Henry James avec The Portrait of a Lady (Wordsworth Classics)
With an Introduction and Notes by Lionel Kelly, Senior Lecturer in English, University of Reading. Transplanted to Europe from her native America, Isabel Archer has candour, beauty, intelligence, an independent spirit and a marked enthusiasm for life. An unexpected inheritance apparently gives her freedom, but despite all her natural advantages she makes one disastrous error of judgement and the result is genuinely tragic. Her tale, told with James' inimitable poise, is of the widest relevance. 'The phase when his (Henry James') genius functioned with the freest and fullest vitality is represented by The Portrait of a Lady'. (F.R. LEAVIS)
"Excellent and responsible editing of a crucial text in American literature." --E.N. Feltskog, University of Wisconsin
From the Publisher
Isabel Archer has been brought to England from Albany, New York, by her Aunt Touchett to extend her education, possibly to marry well.
Isabel, proud and independent, has other ideas. She has no desire to marry and wishes to create her own future, rather than finding it as a wife. Consequently she refuses two very eligible suitors: Lord Warburton and Caspar Goodwood, who has followed her to Europe from America.
When her uncle Lord Touchett dies, leaving Isabel a fortune, he unwittingly does her a great disservice, for on a visit to Italy she is introduced by Madame Merle to Gilbert Osmond. Osmond is a charming but worthless dilettante who sees Isabel as a beautiful prize, a mother for his daughter Pansy, and a source of easily attained wealth. From his cruel cynicism comes Isabel's tragic disillusionment.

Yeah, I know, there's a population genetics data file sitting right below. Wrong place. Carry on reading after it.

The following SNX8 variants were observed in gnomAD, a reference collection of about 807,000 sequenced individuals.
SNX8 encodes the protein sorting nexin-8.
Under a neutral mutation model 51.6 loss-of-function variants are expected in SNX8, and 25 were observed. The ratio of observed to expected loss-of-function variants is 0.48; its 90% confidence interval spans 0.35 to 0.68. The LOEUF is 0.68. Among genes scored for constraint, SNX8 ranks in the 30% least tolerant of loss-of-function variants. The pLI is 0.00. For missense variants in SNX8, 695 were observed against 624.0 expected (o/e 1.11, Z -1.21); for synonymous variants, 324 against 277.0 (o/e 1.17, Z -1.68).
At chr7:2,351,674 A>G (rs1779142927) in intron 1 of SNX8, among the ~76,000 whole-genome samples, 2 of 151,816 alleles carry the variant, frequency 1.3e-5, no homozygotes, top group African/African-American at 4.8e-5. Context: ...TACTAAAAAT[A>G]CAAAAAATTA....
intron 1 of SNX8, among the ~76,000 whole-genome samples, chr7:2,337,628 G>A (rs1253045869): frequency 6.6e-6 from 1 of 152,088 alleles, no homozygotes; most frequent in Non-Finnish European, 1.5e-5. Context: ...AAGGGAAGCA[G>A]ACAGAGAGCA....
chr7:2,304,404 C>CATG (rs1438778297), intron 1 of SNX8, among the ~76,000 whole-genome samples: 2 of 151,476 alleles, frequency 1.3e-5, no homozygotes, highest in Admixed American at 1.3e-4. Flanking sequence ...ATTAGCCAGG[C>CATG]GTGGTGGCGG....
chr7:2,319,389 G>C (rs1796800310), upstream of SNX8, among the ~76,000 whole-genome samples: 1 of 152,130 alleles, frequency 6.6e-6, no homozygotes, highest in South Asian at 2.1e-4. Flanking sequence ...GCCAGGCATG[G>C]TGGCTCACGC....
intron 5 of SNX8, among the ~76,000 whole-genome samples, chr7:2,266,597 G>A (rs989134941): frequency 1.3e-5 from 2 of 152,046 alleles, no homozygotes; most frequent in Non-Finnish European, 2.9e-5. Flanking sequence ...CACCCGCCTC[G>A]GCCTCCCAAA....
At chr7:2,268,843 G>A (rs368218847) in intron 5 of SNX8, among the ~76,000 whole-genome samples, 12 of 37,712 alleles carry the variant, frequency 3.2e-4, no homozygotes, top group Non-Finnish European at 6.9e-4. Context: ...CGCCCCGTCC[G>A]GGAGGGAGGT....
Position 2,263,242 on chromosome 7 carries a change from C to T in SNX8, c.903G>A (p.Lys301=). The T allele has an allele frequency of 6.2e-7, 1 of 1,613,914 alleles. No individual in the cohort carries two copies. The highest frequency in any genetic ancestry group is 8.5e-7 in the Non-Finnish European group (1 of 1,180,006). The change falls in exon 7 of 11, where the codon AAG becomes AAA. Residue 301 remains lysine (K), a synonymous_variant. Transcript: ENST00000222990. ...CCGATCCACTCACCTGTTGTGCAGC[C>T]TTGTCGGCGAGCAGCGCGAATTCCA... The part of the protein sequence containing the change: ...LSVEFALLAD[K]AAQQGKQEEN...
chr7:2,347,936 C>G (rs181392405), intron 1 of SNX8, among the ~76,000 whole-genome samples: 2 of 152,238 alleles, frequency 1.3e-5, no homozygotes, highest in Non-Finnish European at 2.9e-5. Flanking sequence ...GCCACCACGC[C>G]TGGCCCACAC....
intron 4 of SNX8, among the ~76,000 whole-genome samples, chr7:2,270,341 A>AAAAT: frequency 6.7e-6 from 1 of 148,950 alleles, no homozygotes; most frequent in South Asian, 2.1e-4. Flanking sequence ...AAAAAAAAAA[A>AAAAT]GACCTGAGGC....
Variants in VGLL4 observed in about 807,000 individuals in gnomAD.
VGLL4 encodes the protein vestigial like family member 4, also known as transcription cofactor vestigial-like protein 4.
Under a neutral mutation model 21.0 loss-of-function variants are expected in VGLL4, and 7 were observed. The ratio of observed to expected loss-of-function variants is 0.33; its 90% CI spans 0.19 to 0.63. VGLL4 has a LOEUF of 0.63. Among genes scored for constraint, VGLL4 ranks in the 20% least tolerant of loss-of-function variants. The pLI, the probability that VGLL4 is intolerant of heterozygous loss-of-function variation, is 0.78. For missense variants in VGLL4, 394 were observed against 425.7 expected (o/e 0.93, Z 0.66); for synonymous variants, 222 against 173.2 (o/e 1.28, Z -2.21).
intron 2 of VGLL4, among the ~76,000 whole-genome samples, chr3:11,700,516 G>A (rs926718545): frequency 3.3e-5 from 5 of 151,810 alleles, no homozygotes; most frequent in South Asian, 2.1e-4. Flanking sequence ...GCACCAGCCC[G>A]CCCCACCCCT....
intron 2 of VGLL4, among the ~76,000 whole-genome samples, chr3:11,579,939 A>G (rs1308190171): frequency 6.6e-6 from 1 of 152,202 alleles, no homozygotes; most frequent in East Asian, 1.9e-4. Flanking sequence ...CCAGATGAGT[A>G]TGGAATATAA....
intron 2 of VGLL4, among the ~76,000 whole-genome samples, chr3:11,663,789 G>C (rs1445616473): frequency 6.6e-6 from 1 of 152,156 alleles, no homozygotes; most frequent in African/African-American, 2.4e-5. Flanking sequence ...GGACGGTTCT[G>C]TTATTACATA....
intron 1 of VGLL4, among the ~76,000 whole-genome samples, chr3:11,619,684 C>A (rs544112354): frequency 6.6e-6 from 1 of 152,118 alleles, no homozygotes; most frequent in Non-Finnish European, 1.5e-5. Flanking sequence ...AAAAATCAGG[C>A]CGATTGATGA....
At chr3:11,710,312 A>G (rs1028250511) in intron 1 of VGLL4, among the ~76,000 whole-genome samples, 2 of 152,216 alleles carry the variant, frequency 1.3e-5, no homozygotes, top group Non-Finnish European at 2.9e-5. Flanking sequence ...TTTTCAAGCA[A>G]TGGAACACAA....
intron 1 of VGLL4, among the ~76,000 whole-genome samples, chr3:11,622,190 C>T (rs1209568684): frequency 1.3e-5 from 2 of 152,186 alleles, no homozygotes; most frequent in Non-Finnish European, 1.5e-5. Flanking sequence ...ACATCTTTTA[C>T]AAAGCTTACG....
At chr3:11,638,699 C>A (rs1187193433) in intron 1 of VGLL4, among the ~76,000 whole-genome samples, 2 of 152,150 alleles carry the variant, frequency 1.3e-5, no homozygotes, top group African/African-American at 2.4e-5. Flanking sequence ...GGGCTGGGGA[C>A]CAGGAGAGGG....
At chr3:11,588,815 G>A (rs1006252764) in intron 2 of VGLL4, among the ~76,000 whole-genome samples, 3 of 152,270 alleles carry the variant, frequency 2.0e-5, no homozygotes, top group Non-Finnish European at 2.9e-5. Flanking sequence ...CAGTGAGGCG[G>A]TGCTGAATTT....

In his exquisitely crafted and deeply ironic novel, Henry James depicts the heart and soul of a young woman whose destiny is taken from her own hands.
From the Inside Flap
The Portrait of a Lady is the most stunning achievement of Henry James's early period--in the 1860s and '70s when he was transforming himself from a talented young American into a resident of Europe, a citizen of the world, and one of the greatest novelists of modern times. A kind of delight at the success of this transformation informs every page of this masterpiece. Isabel Archer, a beautiful, intelligent, and headstrong American girl newly endowed with wealth and embarked in Europe on a treacherous journey to self-knowledge, is delineated with a magnificence that is at once casual and tense with force and insight. The characters with whom she is entangled--the good man and the evil one, between whom she wavers, and the mysterious witchlike woman with whom she must do battle--are each rendered with a virtuosity that suggests dazzling imaginative powers. And the scene painting--in England and Italy--provides a continuous visual pleasure while always remaining crucial to the larger drama.